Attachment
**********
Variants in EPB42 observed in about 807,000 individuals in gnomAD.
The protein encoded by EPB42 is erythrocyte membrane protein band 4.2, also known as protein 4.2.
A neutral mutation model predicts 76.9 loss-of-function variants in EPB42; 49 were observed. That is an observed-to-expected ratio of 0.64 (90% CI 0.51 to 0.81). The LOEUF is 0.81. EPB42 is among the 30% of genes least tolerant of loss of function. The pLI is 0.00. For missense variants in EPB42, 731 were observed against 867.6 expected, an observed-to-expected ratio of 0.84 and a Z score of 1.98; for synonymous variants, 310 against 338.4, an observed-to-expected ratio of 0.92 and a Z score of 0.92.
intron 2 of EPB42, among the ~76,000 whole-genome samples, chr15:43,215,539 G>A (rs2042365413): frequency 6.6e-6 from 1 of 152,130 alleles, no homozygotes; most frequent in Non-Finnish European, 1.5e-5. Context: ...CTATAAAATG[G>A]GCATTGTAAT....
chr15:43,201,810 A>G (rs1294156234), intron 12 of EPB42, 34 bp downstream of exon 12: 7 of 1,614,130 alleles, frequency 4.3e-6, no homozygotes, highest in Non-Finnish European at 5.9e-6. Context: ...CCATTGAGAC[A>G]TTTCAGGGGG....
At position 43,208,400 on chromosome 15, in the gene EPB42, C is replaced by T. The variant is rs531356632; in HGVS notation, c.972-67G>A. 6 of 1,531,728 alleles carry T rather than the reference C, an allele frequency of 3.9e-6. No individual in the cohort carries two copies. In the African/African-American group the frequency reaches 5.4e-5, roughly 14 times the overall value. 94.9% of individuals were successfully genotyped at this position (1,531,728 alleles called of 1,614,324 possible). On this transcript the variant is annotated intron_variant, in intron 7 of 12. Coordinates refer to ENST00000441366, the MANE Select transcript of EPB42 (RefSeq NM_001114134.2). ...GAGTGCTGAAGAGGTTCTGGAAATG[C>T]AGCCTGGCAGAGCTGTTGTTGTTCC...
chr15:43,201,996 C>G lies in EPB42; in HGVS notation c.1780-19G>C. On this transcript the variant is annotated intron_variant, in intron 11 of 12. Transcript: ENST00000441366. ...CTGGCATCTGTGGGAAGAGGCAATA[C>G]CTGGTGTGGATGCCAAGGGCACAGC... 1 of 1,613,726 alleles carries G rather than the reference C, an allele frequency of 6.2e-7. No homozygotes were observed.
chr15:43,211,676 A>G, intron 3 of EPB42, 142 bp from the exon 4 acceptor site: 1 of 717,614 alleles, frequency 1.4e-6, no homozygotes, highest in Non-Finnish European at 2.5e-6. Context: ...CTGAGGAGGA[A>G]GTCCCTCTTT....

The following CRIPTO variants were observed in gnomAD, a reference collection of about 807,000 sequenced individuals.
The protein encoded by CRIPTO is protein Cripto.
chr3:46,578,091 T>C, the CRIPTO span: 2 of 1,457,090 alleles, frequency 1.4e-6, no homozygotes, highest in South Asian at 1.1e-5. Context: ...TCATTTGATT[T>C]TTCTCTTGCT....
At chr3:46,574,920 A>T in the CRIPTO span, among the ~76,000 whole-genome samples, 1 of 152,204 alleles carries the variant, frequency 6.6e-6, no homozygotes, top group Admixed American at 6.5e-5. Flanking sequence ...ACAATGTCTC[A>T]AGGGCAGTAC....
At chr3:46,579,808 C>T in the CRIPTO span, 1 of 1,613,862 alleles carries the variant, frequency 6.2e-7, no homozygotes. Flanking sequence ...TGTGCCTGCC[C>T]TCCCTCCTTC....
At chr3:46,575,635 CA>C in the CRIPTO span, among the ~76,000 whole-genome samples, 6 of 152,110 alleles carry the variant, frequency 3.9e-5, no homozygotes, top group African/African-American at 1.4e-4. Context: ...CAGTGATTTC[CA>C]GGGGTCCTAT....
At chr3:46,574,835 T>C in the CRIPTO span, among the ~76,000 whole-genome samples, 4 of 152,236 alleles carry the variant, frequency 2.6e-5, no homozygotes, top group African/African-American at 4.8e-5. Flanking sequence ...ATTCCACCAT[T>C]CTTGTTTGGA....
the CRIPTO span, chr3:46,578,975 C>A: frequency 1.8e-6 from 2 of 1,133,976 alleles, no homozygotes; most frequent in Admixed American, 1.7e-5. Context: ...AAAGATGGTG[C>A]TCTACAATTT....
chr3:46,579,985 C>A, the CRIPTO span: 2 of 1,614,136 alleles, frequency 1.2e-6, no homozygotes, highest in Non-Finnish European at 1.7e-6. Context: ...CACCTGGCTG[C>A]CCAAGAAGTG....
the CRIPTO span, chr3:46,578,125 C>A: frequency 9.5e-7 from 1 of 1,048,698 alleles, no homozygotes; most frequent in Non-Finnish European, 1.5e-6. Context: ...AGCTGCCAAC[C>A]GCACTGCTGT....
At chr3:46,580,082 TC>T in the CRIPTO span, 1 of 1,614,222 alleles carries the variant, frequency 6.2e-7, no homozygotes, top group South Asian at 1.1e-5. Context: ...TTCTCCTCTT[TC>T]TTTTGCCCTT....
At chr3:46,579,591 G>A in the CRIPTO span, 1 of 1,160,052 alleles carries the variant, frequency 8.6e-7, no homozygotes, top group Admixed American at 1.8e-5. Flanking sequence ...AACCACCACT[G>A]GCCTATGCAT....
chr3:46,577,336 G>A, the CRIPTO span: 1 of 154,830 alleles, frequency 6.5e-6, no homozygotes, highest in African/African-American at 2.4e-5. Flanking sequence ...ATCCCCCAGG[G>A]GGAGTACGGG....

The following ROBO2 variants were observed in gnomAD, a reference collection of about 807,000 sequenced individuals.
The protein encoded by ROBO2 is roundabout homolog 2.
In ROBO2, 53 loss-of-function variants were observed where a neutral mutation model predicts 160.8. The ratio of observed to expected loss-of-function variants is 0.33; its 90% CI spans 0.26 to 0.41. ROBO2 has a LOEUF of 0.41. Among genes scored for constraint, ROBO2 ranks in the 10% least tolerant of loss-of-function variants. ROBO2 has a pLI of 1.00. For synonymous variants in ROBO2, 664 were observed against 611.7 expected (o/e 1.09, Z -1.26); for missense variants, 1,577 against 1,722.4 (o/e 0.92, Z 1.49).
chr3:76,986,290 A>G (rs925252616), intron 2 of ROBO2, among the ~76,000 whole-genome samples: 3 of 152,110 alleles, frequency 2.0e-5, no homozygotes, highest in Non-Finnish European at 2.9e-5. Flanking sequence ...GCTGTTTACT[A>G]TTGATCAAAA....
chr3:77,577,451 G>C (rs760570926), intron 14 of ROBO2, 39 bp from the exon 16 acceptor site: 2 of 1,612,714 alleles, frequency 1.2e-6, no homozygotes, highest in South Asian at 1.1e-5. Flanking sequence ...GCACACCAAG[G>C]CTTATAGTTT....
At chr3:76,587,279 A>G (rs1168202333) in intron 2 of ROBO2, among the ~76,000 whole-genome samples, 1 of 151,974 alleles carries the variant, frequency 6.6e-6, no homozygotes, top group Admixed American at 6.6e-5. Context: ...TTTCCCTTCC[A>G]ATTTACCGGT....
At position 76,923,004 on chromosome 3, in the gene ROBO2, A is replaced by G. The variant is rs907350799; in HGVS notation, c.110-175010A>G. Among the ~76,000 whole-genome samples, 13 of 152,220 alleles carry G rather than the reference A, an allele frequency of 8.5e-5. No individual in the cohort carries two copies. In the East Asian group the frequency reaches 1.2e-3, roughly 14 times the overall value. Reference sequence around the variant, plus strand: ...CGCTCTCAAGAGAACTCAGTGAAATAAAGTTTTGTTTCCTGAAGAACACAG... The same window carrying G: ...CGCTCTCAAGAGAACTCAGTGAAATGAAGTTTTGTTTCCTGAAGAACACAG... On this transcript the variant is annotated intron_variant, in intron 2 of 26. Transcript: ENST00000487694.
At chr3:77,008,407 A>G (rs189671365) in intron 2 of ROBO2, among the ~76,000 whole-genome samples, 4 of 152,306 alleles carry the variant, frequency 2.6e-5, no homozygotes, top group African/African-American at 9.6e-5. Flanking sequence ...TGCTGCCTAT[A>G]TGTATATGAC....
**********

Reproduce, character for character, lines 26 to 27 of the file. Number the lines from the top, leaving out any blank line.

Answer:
chr3:77,577,451 G>C (rs760570926), intron 14 of ROBO2, 39 bp from the exon 16 acceptor site: 2 of 1,612,714 alleles, frequency 1.2e-6, no homozygotes, highest in South Asian at 1.1e-5. Flanking sequence ...GCACACCAAG[G>C]CTTATAGTTT....
At chr3:76,587,279 A>G (rs1168202333) in intron 2 of ROBO2, among the ~76,000 whole-genome samples, 1 of 151,974 alleles carries the variant, frequency 6.6e-6, no homozygotes, top group Admixed American at 6.6e-5. Context: ...TTTCCCTTCC[A>G]ATTTACCGGT....